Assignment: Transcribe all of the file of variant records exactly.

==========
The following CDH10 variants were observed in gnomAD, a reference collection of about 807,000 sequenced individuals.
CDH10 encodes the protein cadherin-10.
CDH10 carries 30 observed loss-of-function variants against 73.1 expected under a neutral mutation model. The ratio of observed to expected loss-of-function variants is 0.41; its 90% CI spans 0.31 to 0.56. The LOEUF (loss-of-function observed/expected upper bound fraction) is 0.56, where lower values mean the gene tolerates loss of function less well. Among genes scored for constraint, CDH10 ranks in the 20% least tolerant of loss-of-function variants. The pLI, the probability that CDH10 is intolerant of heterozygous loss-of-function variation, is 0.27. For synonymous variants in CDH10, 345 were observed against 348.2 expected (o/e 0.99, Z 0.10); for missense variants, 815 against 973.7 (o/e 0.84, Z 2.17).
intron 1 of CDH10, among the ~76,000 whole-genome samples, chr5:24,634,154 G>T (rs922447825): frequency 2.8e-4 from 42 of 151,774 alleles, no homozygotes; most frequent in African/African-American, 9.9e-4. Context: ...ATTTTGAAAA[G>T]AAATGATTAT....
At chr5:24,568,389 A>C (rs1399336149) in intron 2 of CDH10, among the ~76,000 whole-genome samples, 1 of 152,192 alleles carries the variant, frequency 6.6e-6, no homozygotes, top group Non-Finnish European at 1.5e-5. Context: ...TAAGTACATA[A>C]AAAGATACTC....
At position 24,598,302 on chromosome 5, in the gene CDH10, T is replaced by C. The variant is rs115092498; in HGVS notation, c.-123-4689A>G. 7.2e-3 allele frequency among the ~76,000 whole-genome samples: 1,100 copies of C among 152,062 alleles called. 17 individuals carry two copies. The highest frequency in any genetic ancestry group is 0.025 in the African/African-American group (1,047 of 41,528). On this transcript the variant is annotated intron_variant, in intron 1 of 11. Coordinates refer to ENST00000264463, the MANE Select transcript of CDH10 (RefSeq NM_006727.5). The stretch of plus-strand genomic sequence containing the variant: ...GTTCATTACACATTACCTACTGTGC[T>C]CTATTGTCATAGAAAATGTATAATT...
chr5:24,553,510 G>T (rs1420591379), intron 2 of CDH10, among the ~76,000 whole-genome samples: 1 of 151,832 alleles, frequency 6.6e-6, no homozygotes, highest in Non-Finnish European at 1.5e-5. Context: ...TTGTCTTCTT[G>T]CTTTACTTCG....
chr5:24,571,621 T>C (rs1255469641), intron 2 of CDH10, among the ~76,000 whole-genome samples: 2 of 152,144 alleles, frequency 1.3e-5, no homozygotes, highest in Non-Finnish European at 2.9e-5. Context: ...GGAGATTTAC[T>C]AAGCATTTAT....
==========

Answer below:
The following CDH10 variants were observed in gnomAD, a reference collection of about 807,000 sequenced individuals.
CDH10 encodes the protein cadherin-10.
CDH10 carries 30 observed loss-of-function variants against 73.1 expected under a neutral mutation model. The ratio of observed to expected loss-of-function variants is 0.41; its 90% CI spans 0.31 to 0.56. The LOEUF (loss-of-function observed/expected upper bound fraction) is 0.56, where lower values mean the gene tolerates loss of function less well. Among genes scored for constraint, CDH10 ranks in the 20% least tolerant of loss-of-function variants. The pLI, the probability that CDH10 is intolerant of heterozygous loss-of-function variation, is 0.27. For synonymous variants in CDH10, 345 were observed against 348.2 expected (o/e 0.99, Z 0.10); for missense variants, 815 against 973.7 (o/e 0.84, Z 2.17).
intron 1 of CDH10, among the ~76,000 whole-genome samples, chr5:24,634,154 G>T (rs922447825): frequency 2.8e-4 from 42 of 151,774 alleles, no homozygotes; most frequent in African/African-American, 9.9e-4. Context: ...ATTTTGAAAA[G>T]AAATGATTAT....
At chr5:24,568,389 A>C (rs1399336149) in intron 2 of CDH10, among the ~76,000 whole-genome samples, 1 of 152,192 alleles carries the variant, frequency 6.6e-6, no homozygotes, top group Non-Finnish European at 1.5e-5. Context: ...TAAGTACATA[A>C]AAAGATACTC....
At position 24,598,302 on chromosome 5, in the gene CDH10, T is replaced by C. The variant is rs115092498; in HGVS notation, c.-123-4689A>G. 7.2e-3 allele frequency among the ~76,000 whole-genome samples: 1,100 copies of C among 152,062 alleles called. 17 individuals carry two copies. The highest frequency in any genetic ancestry group is 0.025 in the African/African-American group (1,047 of 41,528). On this transcript the variant is annotated intron_variant, in intron 1 of 11. Coordinates refer to ENST00000264463, the MANE Select transcript of CDH10 (RefSeq NM_006727.5). The stretch of plus-strand genomic sequence containing the variant: ...GTTCATTACACATTACCTACTGTGC[T>C]CTATTGTCATAGAAAATGTATAATT...
chr5:24,553,510 G>T (rs1420591379), intron 2 of CDH10, among the ~76,000 whole-genome samples: 1 of 151,832 alleles, frequency 6.6e-6, no homozygotes, highest in Non-Finnish European at 1.5e-5. Context: ...TTGTCTTCTT[G>T]CTTTACTTCG....
chr5:24,571,621 T>C (rs1255469641), intron 2 of CDH10, among the ~76,000 whole-genome samples: 2 of 152,144 alleles, frequency 1.3e-5, no homozygotes, highest in Non-Finnish European at 2.9e-5. Context: ...GGAGATTTAC[T>C]AAGCATTTAT....